Phylogenomic Study of Monechma Reveals Two Divergent Plant Lineages of Ecological Importance in the African Savanna and Succulent Biomes.
Kiel, Carrie A.
Astroth, Corine M.
Dexter, Kyle G.
Chase, Frances M.
Tripp, Erin A.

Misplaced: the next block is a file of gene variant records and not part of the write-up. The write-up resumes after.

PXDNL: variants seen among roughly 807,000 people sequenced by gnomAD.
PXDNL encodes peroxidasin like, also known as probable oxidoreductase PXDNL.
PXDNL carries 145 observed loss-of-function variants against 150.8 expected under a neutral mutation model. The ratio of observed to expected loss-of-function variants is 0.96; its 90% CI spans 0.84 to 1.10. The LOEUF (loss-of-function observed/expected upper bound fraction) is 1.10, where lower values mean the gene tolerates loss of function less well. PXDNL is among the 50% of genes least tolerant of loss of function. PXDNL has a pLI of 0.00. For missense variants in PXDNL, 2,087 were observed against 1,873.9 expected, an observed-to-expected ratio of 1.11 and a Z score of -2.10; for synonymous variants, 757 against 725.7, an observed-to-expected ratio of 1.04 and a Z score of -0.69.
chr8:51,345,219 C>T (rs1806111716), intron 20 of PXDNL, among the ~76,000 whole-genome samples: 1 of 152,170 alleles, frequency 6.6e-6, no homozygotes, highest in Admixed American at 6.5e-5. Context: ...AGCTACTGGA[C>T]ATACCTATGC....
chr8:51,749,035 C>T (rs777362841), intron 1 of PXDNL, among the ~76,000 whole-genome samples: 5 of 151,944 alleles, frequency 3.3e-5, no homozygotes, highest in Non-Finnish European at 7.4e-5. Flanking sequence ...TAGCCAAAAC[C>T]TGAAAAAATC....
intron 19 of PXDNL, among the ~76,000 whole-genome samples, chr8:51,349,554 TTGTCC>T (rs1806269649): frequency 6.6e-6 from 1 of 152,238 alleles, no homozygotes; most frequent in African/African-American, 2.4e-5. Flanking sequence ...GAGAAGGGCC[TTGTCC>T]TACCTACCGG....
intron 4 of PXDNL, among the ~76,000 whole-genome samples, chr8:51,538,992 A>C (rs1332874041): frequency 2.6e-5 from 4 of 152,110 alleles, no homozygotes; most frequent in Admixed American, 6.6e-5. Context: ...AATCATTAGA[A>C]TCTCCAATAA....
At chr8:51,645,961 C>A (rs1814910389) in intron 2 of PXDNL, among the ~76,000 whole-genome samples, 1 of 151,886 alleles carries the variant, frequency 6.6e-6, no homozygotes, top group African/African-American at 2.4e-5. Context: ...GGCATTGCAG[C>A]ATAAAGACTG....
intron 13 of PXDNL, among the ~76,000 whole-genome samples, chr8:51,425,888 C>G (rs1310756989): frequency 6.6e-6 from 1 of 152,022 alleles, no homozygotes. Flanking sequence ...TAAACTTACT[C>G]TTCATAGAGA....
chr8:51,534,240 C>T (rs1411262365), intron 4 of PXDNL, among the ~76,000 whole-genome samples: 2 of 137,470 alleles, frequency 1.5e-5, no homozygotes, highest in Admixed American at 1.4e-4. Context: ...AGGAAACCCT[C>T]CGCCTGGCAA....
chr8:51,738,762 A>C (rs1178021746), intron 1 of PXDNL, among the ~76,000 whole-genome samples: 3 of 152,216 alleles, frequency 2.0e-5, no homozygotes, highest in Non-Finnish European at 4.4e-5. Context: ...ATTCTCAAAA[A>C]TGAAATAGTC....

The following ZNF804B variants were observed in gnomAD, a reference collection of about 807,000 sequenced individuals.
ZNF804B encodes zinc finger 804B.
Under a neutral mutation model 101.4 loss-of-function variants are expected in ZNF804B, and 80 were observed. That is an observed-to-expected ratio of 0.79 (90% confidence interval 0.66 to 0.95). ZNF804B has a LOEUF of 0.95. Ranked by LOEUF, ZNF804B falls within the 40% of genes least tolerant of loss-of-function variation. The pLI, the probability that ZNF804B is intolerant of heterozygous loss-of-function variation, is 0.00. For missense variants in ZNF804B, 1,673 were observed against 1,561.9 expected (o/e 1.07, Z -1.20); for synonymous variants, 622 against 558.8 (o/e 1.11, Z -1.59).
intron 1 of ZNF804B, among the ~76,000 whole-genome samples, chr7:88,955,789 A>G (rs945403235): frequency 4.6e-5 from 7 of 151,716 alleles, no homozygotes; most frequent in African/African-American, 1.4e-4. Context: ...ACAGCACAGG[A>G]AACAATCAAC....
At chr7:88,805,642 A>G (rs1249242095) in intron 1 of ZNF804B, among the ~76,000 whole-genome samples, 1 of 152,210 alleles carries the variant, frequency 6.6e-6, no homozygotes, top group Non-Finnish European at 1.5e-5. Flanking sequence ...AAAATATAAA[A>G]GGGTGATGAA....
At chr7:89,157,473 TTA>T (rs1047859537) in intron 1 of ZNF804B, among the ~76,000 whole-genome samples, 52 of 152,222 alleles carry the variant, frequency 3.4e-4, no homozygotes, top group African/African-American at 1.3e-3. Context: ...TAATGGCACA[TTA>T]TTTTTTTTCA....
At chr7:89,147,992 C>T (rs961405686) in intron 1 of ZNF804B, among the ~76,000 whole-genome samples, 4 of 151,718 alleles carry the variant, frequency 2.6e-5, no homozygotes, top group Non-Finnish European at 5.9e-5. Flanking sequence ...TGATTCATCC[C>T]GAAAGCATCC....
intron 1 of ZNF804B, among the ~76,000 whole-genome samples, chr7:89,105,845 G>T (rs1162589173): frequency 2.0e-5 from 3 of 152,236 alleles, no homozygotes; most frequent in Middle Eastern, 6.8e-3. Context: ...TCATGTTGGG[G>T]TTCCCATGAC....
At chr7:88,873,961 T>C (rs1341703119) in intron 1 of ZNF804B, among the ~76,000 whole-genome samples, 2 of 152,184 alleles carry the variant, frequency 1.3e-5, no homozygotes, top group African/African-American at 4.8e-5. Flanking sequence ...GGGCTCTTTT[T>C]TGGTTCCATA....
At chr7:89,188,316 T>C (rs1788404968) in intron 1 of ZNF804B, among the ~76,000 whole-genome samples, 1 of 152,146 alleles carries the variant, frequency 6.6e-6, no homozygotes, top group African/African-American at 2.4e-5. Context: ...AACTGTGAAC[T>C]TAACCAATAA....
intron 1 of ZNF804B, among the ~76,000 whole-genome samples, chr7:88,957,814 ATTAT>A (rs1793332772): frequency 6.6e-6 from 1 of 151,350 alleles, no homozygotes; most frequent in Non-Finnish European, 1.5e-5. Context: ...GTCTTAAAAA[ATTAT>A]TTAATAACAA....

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Monechma Hochst. s.l. (Acanthaceae) is a diverse and ecologically important plant group in sub-Saharan Africa, well represented in the fire-prone savanna biome and with a striking radiation into the non-fire-prone succulent biome in the Namib Desert. We used RADseq to reconstruct evolutionary relationships within Monechma s.l. and found it to be non-monophyletic and composed of two distinct clades: Group I comprises eight species resolved within the Harnieria clade, whilst Group II comprises 35 species related to the Diclipterinae clade. Our analyses suggest the common ancestors of both clades of Monechma occupied savannas, but both of these radiations (~13 mya crown ages) pre-date the currently accepted origin of the savanna biome in Africa, 5-10 mya. Diversification in the succulent biome of the Namib Desert is dated as beginning only ~1.9 mya. Inflorescence and seed morphology are found to distinguish Groups I and II and related taxa in the Justicioid lineage. Monechma Group II is morphologically diverse, with variation in some traits related to ecological diversification including plant habit. The present work enables future research on these important lineages and provides evidence towards understanding the biogeographical history of continental Africa.